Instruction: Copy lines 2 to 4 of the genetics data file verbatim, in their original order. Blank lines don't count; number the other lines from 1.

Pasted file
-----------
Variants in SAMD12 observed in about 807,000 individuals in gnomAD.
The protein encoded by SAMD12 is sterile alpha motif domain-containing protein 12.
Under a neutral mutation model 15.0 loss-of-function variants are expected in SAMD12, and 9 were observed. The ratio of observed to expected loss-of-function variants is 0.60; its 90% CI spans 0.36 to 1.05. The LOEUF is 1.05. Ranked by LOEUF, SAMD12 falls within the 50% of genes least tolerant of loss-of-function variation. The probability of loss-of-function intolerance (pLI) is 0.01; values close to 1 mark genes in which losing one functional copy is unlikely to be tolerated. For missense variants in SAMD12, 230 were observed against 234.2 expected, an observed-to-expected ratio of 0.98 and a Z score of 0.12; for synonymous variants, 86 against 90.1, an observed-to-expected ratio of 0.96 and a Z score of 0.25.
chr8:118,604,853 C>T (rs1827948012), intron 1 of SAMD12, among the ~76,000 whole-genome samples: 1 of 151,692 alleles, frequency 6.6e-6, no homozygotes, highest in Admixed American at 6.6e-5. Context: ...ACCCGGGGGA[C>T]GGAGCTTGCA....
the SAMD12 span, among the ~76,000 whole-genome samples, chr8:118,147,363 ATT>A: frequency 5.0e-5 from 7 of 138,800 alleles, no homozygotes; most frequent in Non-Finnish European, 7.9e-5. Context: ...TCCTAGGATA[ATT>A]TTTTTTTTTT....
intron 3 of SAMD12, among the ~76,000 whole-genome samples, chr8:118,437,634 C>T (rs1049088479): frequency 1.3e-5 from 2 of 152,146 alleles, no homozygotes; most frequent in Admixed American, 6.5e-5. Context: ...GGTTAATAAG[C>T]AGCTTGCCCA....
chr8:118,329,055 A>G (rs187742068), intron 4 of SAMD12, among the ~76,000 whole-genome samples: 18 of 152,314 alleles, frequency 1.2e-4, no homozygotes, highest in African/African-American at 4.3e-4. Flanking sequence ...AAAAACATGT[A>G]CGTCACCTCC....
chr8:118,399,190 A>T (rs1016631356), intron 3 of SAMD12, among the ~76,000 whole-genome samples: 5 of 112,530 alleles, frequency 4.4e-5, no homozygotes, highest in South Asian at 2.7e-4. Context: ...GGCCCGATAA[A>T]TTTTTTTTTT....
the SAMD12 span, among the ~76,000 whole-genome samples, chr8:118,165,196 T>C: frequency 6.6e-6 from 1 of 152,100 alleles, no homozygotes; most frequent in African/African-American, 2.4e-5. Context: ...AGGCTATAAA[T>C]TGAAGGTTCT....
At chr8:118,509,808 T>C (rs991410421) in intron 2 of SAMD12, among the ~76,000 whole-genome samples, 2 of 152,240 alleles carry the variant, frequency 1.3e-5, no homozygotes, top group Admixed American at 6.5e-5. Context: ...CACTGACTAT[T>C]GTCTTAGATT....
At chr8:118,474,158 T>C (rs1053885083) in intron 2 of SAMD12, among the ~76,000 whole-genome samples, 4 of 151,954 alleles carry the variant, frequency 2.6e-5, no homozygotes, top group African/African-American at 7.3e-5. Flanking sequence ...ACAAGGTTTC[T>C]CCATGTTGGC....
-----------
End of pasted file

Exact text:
The protein encoded by SAMD12 is sterile alpha motif domain-containing protein 12.
Under a neutral mutation model 15.0 loss-of-function variants are expected in SAMD12, and 9 were observed. The ratio of observed to expected loss-of-function variants is 0.60; its 90% CI spans 0.36 to 1.05. The LOEUF is 1.05. Ranked by LOEUF, SAMD12 falls within the 50% of genes least tolerant of loss-of-function variation. The probability of loss-of-function intolerance (pLI) is 0.01; values close to 1 mark genes in which losing one functional copy is unlikely to be tolerated. For missense variants in SAMD12, 230 were observed against 234.2 expected, an observed-to-expected ratio of 0.98 and a Z score of 0.12; for synonymous variants, 86 against 90.1, an observed-to-expected ratio of 0.96 and a Z score of 0.25.
chr8:118,604,853 C>T (rs1827948012), intron 1 of SAMD12, among the ~76,000 whole-genome samples: 1 of 151,692 alleles, frequency 6.6e-6, no homozygotes, highest in Admixed American at 6.6e-5. Context: ...ACCCGGGGGA[C>T]GGAGCTTGCA....